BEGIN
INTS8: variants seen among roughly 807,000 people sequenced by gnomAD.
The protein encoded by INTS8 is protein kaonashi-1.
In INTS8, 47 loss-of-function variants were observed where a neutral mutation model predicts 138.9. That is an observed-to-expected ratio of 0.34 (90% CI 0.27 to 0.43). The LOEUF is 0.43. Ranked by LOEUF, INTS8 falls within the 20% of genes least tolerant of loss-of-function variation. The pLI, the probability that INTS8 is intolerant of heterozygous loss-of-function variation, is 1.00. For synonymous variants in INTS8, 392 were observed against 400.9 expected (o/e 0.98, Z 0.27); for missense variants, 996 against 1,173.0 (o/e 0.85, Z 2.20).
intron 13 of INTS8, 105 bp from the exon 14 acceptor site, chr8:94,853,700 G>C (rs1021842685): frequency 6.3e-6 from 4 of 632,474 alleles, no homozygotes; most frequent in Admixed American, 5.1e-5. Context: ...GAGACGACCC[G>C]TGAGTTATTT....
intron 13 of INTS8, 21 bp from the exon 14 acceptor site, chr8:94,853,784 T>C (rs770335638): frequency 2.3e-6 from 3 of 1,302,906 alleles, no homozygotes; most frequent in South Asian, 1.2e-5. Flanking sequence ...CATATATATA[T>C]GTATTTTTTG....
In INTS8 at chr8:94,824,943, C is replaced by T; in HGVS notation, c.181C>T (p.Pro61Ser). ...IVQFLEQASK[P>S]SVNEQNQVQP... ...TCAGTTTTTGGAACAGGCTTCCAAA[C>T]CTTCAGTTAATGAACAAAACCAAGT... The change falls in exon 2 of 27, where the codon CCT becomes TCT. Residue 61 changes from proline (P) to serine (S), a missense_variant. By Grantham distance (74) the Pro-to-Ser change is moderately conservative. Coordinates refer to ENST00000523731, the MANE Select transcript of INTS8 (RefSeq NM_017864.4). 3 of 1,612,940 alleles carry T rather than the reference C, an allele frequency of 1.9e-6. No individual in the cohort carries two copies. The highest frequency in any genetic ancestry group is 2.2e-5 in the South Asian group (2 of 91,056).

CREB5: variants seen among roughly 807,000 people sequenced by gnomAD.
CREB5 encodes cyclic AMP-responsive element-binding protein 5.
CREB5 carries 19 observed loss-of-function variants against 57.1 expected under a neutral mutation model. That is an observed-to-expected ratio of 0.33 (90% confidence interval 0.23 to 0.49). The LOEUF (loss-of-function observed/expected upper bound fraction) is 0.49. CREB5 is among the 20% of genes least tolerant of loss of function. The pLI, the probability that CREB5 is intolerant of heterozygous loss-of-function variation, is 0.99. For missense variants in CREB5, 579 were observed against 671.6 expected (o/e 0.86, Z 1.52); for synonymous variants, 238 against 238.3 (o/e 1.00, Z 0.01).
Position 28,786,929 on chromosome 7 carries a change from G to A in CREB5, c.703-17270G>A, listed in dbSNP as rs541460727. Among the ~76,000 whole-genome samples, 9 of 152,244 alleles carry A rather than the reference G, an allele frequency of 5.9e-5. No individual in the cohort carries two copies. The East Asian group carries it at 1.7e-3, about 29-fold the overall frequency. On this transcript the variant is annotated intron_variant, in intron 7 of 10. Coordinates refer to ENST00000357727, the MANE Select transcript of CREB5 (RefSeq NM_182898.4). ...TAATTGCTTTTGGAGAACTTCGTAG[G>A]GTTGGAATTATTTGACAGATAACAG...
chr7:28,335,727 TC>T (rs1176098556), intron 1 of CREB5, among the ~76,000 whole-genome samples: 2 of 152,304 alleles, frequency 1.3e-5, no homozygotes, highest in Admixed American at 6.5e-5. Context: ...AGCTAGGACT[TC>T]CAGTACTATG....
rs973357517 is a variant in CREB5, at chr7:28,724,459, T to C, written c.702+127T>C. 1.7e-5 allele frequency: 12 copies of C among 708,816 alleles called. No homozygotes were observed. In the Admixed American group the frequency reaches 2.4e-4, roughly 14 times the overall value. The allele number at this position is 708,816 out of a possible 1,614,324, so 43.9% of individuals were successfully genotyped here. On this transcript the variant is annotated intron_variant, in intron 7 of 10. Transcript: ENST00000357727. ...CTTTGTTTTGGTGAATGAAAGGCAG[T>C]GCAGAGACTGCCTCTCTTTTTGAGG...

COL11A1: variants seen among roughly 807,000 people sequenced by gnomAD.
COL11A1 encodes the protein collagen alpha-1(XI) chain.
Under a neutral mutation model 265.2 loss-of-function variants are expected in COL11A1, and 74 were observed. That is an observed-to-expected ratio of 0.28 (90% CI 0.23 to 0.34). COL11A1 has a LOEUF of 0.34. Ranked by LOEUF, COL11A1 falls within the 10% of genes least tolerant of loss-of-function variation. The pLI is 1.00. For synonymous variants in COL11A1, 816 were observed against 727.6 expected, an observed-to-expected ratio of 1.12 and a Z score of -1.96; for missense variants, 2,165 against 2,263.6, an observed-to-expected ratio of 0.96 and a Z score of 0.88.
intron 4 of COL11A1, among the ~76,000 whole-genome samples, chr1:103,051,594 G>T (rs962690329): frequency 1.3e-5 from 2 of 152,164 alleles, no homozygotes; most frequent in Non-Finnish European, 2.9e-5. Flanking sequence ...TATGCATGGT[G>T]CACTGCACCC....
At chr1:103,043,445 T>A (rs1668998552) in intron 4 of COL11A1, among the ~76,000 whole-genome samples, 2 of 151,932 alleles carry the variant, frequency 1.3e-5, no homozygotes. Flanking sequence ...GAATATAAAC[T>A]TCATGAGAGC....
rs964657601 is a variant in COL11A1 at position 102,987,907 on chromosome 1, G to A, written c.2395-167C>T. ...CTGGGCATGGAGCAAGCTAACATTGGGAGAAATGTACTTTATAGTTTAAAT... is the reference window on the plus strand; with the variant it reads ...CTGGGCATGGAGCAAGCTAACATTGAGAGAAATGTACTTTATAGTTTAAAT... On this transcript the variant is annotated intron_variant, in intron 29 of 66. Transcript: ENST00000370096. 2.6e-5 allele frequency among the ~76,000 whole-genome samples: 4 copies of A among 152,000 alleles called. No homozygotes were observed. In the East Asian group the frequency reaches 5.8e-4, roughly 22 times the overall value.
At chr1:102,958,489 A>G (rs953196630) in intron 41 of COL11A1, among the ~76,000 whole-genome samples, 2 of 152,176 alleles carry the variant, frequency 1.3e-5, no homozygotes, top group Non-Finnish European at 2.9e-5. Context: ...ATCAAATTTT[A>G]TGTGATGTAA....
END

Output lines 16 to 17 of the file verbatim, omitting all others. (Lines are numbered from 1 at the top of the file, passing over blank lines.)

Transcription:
intron 4 of COL11A1, among the ~76,000 whole-genome samples, chr1:103,051,594 G>T (rs962690329): frequency 1.3e-5 from 2 of 152,164 alleles, no homozygotes; most frequent in Non-Finnish European, 2.9e-5. Flanking sequence ...TATGCATGGT[G>T]CACTGCACCC....
At chr1:103,043,445 T>A (rs1668998552) in intron 4 of COL11A1, among the ~76,000 whole-genome samples, 2 of 151,932 alleles carry the variant, frequency 1.3e-5, no homozygotes. Flanking sequence ...GAATATAAAC[T>A]TCATGAGAGC....